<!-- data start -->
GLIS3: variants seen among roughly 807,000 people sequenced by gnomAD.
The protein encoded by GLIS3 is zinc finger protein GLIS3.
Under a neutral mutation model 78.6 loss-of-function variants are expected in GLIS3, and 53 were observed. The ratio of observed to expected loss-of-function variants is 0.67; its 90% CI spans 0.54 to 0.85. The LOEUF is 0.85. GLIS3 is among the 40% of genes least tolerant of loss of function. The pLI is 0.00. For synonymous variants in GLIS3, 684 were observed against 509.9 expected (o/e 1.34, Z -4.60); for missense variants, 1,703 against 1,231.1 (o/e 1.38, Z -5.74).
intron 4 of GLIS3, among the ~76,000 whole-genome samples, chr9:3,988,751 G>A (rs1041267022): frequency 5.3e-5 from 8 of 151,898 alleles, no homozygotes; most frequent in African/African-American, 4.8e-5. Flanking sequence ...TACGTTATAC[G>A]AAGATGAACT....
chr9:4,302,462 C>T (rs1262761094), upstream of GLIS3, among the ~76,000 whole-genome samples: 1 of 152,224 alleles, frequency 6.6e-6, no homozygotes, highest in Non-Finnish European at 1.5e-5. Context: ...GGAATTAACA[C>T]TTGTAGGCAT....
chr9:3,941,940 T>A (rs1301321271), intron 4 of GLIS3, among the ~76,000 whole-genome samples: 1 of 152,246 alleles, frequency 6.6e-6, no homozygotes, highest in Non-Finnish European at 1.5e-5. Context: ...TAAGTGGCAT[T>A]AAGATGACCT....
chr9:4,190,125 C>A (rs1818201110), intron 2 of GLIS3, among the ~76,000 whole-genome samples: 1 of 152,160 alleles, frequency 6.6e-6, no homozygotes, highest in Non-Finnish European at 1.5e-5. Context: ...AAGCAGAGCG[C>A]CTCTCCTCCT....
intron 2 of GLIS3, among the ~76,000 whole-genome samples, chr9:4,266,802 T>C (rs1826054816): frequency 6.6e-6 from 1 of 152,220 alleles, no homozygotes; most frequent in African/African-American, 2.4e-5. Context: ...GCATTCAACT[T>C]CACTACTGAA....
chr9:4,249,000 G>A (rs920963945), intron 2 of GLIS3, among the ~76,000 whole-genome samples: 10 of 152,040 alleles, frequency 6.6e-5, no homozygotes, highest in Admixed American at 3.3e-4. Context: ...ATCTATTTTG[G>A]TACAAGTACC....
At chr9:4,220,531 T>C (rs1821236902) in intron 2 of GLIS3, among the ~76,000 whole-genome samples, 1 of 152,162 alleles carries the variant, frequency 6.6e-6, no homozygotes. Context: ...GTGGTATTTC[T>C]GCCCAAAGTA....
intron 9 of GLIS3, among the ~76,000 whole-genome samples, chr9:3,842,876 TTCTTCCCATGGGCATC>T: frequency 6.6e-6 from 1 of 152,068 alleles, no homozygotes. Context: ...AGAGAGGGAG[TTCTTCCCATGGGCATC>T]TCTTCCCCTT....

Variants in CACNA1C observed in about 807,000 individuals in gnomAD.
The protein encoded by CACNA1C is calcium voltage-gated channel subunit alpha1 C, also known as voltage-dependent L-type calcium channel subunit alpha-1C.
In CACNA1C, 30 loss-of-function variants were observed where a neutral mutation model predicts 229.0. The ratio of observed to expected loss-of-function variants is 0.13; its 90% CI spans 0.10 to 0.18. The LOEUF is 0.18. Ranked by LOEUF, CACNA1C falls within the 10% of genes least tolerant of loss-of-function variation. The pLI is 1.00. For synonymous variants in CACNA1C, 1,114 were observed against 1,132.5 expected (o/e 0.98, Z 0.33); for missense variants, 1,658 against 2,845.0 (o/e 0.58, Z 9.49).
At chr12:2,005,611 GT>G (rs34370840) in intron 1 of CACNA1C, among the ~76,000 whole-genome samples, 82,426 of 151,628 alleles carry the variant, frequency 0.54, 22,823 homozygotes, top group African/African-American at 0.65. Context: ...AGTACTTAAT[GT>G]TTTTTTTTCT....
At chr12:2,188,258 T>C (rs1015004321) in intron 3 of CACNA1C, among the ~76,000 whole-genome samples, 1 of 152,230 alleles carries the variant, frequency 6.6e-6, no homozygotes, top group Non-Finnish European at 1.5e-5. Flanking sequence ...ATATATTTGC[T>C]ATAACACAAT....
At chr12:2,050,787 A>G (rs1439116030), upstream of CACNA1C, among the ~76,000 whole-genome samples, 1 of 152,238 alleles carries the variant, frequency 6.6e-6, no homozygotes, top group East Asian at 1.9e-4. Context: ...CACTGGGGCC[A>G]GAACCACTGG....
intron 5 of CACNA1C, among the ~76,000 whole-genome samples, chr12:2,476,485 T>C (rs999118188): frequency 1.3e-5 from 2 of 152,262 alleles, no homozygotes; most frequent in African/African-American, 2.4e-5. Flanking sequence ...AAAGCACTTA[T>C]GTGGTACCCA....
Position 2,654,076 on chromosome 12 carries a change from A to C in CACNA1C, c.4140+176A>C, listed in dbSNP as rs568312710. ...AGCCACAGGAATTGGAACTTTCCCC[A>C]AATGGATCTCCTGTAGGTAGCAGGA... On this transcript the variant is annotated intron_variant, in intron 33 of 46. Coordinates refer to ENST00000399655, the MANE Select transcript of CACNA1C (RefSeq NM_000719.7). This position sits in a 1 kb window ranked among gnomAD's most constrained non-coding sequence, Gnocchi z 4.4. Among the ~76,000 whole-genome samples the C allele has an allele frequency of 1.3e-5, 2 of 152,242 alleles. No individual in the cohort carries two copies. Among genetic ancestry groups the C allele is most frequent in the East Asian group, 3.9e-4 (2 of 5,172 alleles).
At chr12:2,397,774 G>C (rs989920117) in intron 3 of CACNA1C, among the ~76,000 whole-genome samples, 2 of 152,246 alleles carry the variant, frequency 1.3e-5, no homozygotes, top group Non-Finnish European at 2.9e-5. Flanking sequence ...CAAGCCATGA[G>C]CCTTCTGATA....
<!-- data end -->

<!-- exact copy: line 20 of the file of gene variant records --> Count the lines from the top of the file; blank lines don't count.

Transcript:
At chr12:2,397,774 G>C (rs989920117) in intron 3 of CACNA1C, among the ~76,000 whole-genome samples, 2 of 152,246 alleles carry the variant, frequency 1.3e-5, no homozygotes, top group Non-Finnish European at 2.9e-5. Flanking sequence ...CAAGCCATGA[G>C]CCTTCTGATA....